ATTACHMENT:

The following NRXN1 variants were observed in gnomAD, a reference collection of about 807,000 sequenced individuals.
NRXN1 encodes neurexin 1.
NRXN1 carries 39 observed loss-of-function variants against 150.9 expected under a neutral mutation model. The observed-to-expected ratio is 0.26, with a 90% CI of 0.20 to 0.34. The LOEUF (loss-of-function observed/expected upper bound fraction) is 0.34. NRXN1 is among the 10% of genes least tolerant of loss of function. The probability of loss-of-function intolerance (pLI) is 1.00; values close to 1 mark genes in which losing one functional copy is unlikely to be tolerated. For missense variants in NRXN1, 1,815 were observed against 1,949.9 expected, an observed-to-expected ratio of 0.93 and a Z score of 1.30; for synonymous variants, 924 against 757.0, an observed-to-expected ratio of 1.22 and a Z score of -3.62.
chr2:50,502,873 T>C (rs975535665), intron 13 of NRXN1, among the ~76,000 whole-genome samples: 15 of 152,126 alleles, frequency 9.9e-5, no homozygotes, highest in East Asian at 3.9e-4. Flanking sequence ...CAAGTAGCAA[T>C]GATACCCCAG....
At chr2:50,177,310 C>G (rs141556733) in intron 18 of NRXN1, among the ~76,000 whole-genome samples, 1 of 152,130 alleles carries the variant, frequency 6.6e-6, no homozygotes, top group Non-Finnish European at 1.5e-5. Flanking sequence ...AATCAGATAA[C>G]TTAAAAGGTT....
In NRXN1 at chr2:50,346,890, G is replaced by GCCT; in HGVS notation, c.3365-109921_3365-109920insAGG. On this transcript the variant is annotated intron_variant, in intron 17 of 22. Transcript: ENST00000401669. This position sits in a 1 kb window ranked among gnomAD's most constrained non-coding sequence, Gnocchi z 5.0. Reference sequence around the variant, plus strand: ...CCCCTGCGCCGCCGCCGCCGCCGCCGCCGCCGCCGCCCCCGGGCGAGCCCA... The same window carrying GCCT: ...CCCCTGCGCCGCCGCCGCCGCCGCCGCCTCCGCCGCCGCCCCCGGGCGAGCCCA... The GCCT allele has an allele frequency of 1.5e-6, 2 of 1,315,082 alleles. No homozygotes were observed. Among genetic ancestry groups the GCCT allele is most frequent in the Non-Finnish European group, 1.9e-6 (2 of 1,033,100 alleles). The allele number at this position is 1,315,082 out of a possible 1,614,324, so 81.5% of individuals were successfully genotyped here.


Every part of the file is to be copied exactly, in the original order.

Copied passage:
The following NRXN1 variants were observed in gnomAD, a reference collection of about 807,000 sequenced individuals.
NRXN1 encodes neurexin 1.
NRXN1 carries 39 observed loss-of-function variants against 150.9 expected under a neutral mutation model. The observed-to-expected ratio is 0.26, with a 90% CI of 0.20 to 0.34. The LOEUF (loss-of-function observed/expected upper bound fraction) is 0.34. NRXN1 is among the 10% of genes least tolerant of loss of function. The probability of loss-of-function intolerance (pLI) is 1.00; values close to 1 mark genes in which losing one functional copy is unlikely to be tolerated. For missense variants in NRXN1, 1,815 were observed against 1,949.9 expected, an observed-to-expected ratio of 0.93 and a Z score of 1.30; for synonymous variants, 924 against 757.0, an observed-to-expected ratio of 1.22 and a Z score of -3.62.
chr2:50,502,873 T>C (rs975535665), intron 13 of NRXN1, among the ~76,000 whole-genome samples: 15 of 152,126 alleles, frequency 9.9e-5, no homozygotes, highest in East Asian at 3.9e-4. Flanking sequence ...CAAGTAGCAA[T>C]GATACCCCAG....
At chr2:50,177,310 C>G (rs141556733) in intron 18 of NRXN1, among the ~76,000 whole-genome samples, 1 of 152,130 alleles carries the variant, frequency 6.6e-6, no homozygotes, top group Non-Finnish European at 1.5e-5. Flanking sequence ...AATCAGATAA[C>G]TTAAAAGGTT....
In NRXN1 at chr2:50,346,890, G is replaced by GCCT; in HGVS notation, c.3365-109921_3365-109920insAGG. On this transcript the variant is annotated intron_variant, in intron 17 of 22. Transcript: ENST00000401669. This position sits in a 1 kb window ranked among gnomAD's most constrained non-coding sequence, Gnocchi z 5.0. Reference sequence around the variant, plus strand: ...CCCCTGCGCCGCCGCCGCCGCCGCCGCCGCCGCCGCCCCCGGGCGAGCCCA... The same window carrying GCCT: ...CCCCTGCGCCGCCGCCGCCGCCGCCGCCTCCGCCGCCGCCCCCGGGCGAGCCCA... The GCCT allele has an allele frequency of 1.5e-6, 2 of 1,315,082 alleles. No homozygotes were observed. Among genetic ancestry groups the GCCT allele is most frequent in the Non-Finnish European group, 1.9e-6 (2 of 1,033,100 alleles). The allele number at this position is 1,315,082 out of a possible 1,614,324, so 81.5% of individuals were successfully genotyped here.